gumbypp's iPhone device testing page


Provisioning is the way by which you can test on a device. Only iPhone developer program members get this privilege - which is reasonably priced at $99/year. All of the action starts at the Developer program portal.

Here's what you need to do for on-device testing:

Certificates

You'll probably need at least one development certificate and one distribution certificate. You'll need a development certificate if you want to test with the APNS (Apple Push Notification Service) sandbox, or if you want to debug on the device with Xcode. I've never needed more than one of each. The distribution certificate can be used for both Ad Hoc and App Store distributions. Each certificate can be mapped to one or more devices in a profile when provisioning.

Creating a new certificate:

Note: make sure that you install the "WWDR Intermediate Certificate".

App IDs

Apple says: "App IDs are an integral part of the iPhone Development and Provisioning Process that allows an application to communicate with the Apple Push Notification service and/or an external hardware accessory." For every app that uses APNS, In App Purchase, or external hardware accessories, you will need a specific App ID. All other apps can use a Wild-card App ID.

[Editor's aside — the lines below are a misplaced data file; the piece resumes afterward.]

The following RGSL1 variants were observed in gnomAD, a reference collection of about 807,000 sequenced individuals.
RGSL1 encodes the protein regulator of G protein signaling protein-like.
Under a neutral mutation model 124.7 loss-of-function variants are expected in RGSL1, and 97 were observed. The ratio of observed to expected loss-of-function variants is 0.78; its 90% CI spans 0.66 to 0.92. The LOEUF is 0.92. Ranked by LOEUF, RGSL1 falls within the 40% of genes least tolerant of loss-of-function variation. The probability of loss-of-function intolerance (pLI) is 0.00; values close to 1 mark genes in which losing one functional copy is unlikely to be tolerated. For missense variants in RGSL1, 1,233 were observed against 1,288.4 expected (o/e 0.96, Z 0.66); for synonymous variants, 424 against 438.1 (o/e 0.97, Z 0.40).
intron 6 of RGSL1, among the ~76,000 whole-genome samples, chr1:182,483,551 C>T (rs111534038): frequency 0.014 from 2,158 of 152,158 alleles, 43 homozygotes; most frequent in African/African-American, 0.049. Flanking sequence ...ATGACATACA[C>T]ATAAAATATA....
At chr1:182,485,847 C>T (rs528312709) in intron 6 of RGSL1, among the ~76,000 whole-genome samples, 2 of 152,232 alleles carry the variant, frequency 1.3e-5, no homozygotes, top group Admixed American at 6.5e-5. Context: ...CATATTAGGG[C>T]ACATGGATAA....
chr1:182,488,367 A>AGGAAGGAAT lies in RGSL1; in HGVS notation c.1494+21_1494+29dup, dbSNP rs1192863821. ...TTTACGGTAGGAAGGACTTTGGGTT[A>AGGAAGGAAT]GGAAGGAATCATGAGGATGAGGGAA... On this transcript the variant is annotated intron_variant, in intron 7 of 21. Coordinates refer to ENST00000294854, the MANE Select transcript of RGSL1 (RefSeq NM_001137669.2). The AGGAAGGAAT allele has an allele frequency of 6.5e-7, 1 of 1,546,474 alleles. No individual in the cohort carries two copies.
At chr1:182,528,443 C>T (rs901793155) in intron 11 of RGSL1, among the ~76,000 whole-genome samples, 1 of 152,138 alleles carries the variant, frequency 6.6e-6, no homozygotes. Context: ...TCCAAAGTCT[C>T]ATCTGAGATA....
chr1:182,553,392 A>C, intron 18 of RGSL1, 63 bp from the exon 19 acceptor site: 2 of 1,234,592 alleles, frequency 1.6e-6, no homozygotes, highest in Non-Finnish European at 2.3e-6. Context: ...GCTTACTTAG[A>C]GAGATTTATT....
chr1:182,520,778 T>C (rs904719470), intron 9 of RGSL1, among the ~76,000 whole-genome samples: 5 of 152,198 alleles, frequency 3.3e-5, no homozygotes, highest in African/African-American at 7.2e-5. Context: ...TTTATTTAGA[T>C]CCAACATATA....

Example App IDs:

  5LL056TAKK.com.foo.bar (specific)
  78AGBPA5X8.* (Wild-Card)

The 10 characters at the start of the ID is called the "Bundle Seed ID". For specific App IDs, the remainder (ex: com.foo.bar) must match the Bundle Identifier (CFBundleID) in the application's info.plist file. I recommend using a single Wild-card App ID for all of your applications that are not using APNS, In App Purchase, or external hardware accessories. You do not ever need to enter the Bundle Seed ID into Xcode.

Creating a new App ID:

Devices

This is how you add a new device (iPhone, iPod Touch and maybe even the new iPad) to your account. Such devices can then be provisioned with a development or distribution profile to run apps that are not available in the App Store (this is called "Ad Hoc" distribution).

Adding new devices:

Note: You can only have 100 devices per license-year. If you delete a device, the slot won't actually be available until the renewal date of your license. Once you add a device after your renewal date, all used slots get locked-in until the NEXT year.

Provisioning

You will probably create at least 3 provisioning profiles: one for development, one for Ad Hoc distribution, and the third for App Store distribution. Each profile must map to one App ID, one or more certificates, and one or more devices. I've never needed to specify more than one certificate in a profile.

Creating a profile:

On-device testing - finally!

Now that you have a provisioning profile, what do you do with it? For Ad Hoc testers, you'll email them that file, which they will drag into iTunes before installing the application binary as described here. But first, you'll need to modify your Xcode project (if you haven't already) to use the profile.

For Ad Hoc distribution:

For local device testing:

Tips

Here are some random tips that might make your life easier. Maybe.


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